New Zealand, I’m disappointed in you…

Ursula is in Wellington at the moment, and sent me a birthday card – as a frequent commenter on the recent posts I’ve made about books you buy but don’t read, books you have to read, books of the century etc, she thought I would be interested in two lists of best books compiled in New Zealand (nicely answering Christopher’s question on Catalogue of Organisms as to whether a list compiled in New Zealand would look different).

The lists are from Whitcoulls (“The List“) and from Dymocks Booksellers (“Booklovers’ Top 101“).

Eschewing any pretension towards merit and greatness, these simply ask what do you like reading – what is your favourite book? As a snapshot of popularity across a nation, free from the worry of choosing for pseudo-intellectual reasons, it is refreshing and throws up some interesting results, as well as some problems.

There are large areas of overlap – most books on one list are on the other. Often there is a very great difference between their location. For instance, New Zealand’s own Keri Hulme features at number 26 on The List for The Bone People, whereas it is number 90 on Booklovers’ Top 101.

Top 101 ranks the entire Lord of the Rings series as the number one spot, and the entire Harry Potter series at number three. Yet, The Hitchhiker’s Guide to the Galaxy is ranked on its own, as is The Lion, The Witch and the Wardrobe. I’m not convinced that an entire series should be allowed a single listing. Cumulatively the strength of the series is more than a single book. Furthermore, why do some series get counted as a whole, whilst others don’t – why does Narnia not feature as a series, whilst Middle Earth and Hogwarts do?

Over on The List, books from a series remain as individual books in their own right. The List seems more popular and populist, whilst Top 101 appears to focus more on the “classics”. Interestingly, The Bible features on both lists, which is a refreshing inclusion (and oddly absent from the Anglo-American lists). Whatever you think of religion, you can’t really deny that it is one of the cornerstone books of Western civilisation.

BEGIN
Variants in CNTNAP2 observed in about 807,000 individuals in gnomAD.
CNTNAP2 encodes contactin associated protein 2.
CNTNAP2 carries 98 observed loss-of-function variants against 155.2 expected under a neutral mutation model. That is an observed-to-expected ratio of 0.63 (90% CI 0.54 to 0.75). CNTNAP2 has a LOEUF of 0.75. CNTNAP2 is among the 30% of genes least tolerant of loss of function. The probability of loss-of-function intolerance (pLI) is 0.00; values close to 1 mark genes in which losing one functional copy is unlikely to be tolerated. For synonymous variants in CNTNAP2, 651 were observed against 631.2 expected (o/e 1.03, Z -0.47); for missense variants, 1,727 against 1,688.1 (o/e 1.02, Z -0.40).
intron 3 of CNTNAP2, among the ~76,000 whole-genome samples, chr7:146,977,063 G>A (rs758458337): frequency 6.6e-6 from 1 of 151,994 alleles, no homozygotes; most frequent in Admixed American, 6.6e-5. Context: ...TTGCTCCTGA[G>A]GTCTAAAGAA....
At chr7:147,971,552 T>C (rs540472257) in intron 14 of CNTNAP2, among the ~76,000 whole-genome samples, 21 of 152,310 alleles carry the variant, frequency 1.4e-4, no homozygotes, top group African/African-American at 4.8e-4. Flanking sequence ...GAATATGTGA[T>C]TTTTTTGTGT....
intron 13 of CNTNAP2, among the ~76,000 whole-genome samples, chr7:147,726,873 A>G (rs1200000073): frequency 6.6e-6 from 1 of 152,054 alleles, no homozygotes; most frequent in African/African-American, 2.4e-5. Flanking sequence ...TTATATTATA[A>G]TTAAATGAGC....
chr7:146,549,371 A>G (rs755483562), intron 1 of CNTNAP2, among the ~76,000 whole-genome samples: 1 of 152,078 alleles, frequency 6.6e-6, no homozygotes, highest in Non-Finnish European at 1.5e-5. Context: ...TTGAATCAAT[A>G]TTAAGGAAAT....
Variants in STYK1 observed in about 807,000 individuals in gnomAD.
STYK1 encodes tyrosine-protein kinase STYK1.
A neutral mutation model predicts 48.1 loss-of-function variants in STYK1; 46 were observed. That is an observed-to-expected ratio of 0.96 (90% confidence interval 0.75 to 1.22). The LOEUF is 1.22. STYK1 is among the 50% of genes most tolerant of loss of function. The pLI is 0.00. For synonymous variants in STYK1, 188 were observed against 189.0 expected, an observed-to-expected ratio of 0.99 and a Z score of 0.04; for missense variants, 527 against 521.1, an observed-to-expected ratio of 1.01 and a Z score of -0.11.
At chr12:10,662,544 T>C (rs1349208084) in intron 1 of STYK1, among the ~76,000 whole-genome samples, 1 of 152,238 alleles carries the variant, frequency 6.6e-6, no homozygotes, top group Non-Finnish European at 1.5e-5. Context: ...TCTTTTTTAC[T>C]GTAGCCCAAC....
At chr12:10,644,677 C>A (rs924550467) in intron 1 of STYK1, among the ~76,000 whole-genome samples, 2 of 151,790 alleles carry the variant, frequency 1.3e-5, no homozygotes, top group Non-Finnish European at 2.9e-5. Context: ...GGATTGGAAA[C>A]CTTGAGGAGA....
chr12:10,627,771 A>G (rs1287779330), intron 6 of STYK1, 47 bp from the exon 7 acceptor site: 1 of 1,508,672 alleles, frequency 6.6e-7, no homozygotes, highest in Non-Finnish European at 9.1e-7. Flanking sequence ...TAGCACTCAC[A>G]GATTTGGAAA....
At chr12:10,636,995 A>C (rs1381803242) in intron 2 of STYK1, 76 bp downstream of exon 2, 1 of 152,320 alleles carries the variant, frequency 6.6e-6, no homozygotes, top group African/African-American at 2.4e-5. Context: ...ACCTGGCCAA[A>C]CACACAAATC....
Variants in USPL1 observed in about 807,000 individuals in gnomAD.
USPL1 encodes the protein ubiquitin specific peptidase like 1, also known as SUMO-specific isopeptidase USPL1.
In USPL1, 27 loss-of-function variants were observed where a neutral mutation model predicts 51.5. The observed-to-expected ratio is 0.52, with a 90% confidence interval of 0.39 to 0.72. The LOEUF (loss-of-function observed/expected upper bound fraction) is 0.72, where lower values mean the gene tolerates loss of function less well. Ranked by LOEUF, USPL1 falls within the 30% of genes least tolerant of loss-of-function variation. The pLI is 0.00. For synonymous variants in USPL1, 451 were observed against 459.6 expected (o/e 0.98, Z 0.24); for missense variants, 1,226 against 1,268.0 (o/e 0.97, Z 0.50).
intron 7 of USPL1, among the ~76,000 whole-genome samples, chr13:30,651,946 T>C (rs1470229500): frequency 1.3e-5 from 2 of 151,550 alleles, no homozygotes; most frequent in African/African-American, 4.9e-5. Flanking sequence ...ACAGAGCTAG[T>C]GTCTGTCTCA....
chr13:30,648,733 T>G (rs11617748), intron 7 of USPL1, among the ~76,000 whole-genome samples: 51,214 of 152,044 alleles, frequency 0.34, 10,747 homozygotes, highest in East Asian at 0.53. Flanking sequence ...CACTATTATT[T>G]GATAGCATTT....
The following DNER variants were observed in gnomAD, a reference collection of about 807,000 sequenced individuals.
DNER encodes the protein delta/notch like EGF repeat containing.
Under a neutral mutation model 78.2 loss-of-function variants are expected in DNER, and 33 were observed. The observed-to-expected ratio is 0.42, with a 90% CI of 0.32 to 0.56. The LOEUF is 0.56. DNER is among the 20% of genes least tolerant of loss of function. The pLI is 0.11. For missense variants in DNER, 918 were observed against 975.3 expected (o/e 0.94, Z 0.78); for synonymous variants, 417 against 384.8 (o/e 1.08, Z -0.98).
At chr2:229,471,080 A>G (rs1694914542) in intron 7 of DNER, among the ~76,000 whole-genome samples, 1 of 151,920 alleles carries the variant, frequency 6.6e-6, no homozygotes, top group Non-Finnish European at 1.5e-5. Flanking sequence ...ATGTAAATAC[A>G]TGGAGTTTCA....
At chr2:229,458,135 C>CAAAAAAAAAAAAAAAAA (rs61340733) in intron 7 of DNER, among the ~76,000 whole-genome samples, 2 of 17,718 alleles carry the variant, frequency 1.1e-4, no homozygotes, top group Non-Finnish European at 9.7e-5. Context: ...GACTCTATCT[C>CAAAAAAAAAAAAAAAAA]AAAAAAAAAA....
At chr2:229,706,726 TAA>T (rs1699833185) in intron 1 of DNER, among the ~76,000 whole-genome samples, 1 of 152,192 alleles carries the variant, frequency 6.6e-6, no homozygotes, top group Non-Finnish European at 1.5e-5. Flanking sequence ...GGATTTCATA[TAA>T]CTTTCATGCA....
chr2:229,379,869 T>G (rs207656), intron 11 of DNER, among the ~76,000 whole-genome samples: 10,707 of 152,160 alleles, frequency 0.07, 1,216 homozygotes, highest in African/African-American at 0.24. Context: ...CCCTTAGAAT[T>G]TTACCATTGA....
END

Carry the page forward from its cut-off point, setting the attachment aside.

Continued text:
If you get a chance, take a peek at the lists, and have a look at what the Kiwis are reading and enjoying.

Now, about the title of this post… I like Kiwis. I have a lot of respect for Kiwis.

But the top ten on The List. Two Dan Brown books. TWO OF THEM??? If you’ve read this blog, then you know I’m not particularly interested in the Harry Potter books, but I can get why they have appeal, hence their inclusion in the lists (the whole series at number three for Top 101, four entries on The List). But Dan Brown? Twice in the top ten? And even worse – The Da Vinci Code at NUMBER ONE?????

I mean seriously people, come on! I have read one page, one single page of Dan Brown. That is one page more than I ever wanted, or needed to read – he has great ideas, but in the space of one turgid page five different conspiracy theories were introduced in a very clumsy way. Their popularity escapes me, as they just seem unreadable.

I’m not angry or upset with you New Zealand. Just very, very disappointed. Now go to your room and think about what you read…

3 thoughts on “New Zealand, I’m disappointed in you…”

  1. I was somewhat horrified by the two Dan Brown books too – but at least they aren’t pretending it’s high art though. I think his popular appeal is the short sentences and short paragraphs. It drives me crazy, but it doesn’t require much of an attention span so makes them fairly accessible to people who don’t read much, I think.

    Incidentally, “The Bone People” is brilliant and I’d highly recommend it. It wasn’t at all what I was expecting and it isn’t an easy read but it’s highly rewarding.

  2. I’ll give them that, The List makes it clear that it is purely based on popularity, since anyone can vote. Top 101 has a slightly more exclusive voting base, as it is by their members, but still based on popularity.

    I have to say, even if his sentences are short, I just don’t find Brown readable. At all. Maybe I picked a bad page.

    I’ll have to check The Bone People out soon I suppose!

  3. Please, allow me to apologise profusely on behalf of my countrymen. No. 1 was Lord of the Rings the last time I say a Whitcoulls list (it’s most often sold as a single volume rather than three books in New Zealand, so it makes sense to count it as one. Also, the Whitcoulls lists are compiled by people putting down their own choices rather than picking from options. I don’t know about the Dymocks one). Dymocks is a snootier chain than Whitcoulls, so I’m not surprised its list would claim to be more highbrow.

    I have to admit that I’ve never even glanced at a Dan Brown book, so for all I know there could be a literary masterpiece there that I just haven’t experienced.

    Doubt it, though.

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